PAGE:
At Wakasa's insistence, I touched the suit. The torso was heavily padded with foam, yet the 'skin' around the arms was thin and felt as if it could tear easily. Wakasa said that in this area it fits tight around Kitagawa's own arms. Running a hand over Godzilla's shoulders, I was surprised to find that the King of the Monsters felt like a semi-ripe avocado!
Almost every Godzilla film features a new suit, each slightly different from the last. The one for G-2000
was the most radical departure between any two films so far, with the kaiju's trademark dorsal spines the greatest point of difference. Like pieces of shattered glass, they pulled far away from his body. A simple silver, their base was enhanced with touches of metallic red.
An hour later, the suit prepped for action, shooting commenced. It was a simple scene of Godzilla's face being met by the light of the four-wheel car driven by the story's GPN members. Using a cleared space in the back, Kitagawa, aided by three stagehands, climbed into the 75-kilogram Godzilla suit. Off stage, the camera was pointed up at Godzilla's face. Behind Godzilla, mist from a fog machine released large amounts of wispy, white smoke. Suzuki and a few of his staff gathered around a monitor fed from the camera. I was given the thumbs up to climb onto the stage and positioned myself about ten feet off.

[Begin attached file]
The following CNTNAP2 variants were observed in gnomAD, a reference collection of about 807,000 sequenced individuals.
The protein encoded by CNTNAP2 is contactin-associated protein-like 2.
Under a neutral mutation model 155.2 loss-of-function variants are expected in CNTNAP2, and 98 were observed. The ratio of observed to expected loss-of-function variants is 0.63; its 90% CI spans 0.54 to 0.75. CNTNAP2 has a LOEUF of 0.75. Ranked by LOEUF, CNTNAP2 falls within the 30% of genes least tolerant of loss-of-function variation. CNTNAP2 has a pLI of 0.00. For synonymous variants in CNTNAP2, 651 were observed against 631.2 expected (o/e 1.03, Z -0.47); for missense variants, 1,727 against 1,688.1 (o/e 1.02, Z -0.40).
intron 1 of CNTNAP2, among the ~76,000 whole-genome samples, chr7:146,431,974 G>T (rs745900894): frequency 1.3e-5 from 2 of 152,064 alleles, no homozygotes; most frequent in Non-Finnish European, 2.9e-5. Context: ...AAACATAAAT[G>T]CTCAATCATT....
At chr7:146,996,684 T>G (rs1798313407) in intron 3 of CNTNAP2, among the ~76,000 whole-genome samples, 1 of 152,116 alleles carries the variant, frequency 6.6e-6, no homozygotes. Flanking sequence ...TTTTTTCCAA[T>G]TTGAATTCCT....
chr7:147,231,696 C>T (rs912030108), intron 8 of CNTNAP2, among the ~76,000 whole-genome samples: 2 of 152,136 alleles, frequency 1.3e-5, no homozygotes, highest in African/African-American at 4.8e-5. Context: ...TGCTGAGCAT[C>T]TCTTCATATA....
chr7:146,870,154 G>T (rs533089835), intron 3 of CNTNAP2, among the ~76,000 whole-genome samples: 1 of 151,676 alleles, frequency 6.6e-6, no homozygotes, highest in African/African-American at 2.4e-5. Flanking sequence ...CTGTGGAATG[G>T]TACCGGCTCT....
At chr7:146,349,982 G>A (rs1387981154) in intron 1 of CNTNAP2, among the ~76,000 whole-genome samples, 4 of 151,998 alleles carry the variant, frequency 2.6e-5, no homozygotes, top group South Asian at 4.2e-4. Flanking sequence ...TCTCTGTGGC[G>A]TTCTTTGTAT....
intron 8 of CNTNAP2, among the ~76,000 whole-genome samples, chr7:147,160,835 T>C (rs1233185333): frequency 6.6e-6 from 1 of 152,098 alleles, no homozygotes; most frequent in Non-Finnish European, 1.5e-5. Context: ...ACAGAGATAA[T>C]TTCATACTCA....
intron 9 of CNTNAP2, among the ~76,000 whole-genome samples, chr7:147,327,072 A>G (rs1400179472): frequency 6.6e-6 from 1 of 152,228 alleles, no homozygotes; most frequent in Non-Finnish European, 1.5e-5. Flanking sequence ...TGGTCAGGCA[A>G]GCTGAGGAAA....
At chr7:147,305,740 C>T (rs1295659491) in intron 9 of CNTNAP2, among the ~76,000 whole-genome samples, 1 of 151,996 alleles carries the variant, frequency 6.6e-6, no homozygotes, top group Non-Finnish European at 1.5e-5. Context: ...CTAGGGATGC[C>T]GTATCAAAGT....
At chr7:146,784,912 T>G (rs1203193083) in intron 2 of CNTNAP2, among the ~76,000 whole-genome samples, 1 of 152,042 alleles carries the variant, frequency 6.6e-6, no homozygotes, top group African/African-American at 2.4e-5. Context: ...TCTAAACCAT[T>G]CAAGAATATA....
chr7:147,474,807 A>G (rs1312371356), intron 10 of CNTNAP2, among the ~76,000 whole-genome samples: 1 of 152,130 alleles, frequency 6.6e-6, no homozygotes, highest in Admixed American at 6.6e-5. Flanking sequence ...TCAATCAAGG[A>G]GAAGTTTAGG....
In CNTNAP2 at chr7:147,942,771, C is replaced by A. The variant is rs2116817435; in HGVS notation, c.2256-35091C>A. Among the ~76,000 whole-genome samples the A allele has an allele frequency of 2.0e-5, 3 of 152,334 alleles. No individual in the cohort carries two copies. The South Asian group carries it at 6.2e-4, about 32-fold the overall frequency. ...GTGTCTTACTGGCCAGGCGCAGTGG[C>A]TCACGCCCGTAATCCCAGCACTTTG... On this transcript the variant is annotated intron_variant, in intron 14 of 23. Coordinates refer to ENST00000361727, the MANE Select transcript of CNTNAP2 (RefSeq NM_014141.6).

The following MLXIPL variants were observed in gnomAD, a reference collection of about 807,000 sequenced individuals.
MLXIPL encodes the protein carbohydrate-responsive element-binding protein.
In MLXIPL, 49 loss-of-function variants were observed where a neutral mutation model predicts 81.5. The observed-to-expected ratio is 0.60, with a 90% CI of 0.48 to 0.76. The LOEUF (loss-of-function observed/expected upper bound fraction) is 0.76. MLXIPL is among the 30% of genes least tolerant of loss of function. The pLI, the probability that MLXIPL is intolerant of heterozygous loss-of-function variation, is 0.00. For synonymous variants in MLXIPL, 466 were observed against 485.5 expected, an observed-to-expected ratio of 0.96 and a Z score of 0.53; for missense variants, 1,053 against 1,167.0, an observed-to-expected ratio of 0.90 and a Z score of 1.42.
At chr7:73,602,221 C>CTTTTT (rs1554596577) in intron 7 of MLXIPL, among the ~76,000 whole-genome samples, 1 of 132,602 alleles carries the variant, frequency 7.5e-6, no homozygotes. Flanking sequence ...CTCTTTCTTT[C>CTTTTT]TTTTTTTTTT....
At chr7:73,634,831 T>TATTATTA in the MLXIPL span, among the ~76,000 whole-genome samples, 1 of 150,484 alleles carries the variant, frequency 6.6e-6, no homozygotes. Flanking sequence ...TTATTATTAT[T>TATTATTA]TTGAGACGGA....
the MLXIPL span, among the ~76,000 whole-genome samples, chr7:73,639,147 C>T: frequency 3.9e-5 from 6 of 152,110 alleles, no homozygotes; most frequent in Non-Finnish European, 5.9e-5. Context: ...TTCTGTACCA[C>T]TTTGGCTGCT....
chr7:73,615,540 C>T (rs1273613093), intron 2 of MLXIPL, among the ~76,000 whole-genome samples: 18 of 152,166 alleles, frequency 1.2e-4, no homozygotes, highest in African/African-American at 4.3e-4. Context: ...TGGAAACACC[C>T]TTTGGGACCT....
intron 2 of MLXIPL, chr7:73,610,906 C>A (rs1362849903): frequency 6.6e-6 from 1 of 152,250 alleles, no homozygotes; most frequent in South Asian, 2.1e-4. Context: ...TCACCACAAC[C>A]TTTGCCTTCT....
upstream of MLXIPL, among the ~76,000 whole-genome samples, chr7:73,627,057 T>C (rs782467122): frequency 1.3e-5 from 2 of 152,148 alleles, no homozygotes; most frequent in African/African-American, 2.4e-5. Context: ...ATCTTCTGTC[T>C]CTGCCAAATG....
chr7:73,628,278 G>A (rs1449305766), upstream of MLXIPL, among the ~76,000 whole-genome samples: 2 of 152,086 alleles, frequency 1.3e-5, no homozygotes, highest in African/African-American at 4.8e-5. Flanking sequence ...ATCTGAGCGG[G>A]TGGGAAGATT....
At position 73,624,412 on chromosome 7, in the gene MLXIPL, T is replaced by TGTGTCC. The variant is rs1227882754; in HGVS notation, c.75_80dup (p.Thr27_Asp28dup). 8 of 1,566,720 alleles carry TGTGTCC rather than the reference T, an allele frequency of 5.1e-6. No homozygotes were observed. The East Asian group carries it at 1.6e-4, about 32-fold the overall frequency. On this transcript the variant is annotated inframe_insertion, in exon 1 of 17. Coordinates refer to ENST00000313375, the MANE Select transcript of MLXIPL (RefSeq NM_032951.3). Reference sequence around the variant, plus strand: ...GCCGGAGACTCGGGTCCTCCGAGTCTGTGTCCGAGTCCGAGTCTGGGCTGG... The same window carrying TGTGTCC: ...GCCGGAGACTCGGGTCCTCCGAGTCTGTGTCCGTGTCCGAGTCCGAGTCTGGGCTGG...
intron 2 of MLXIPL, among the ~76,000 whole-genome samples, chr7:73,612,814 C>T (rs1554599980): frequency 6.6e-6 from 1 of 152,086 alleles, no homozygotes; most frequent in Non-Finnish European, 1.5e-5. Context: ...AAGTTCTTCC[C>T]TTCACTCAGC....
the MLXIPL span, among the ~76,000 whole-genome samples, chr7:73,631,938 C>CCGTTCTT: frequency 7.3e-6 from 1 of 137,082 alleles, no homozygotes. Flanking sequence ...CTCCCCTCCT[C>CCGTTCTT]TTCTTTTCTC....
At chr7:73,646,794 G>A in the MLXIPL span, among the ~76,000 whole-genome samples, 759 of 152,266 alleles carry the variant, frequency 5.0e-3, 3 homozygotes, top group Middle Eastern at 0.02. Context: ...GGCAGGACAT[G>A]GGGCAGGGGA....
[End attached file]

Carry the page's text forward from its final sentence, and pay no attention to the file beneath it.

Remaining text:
Keyed for the scene to begin, I was jolted by a gentle tap on my shoulder. It was actress Naomi Nishida. Finished for the day, she had come to catch some effect scenes. Looking at Godzilla standing in the white smoke, she asked if that really was Godzilla. 'It's so small,' she commented. Quiet was called, and the shot commenced.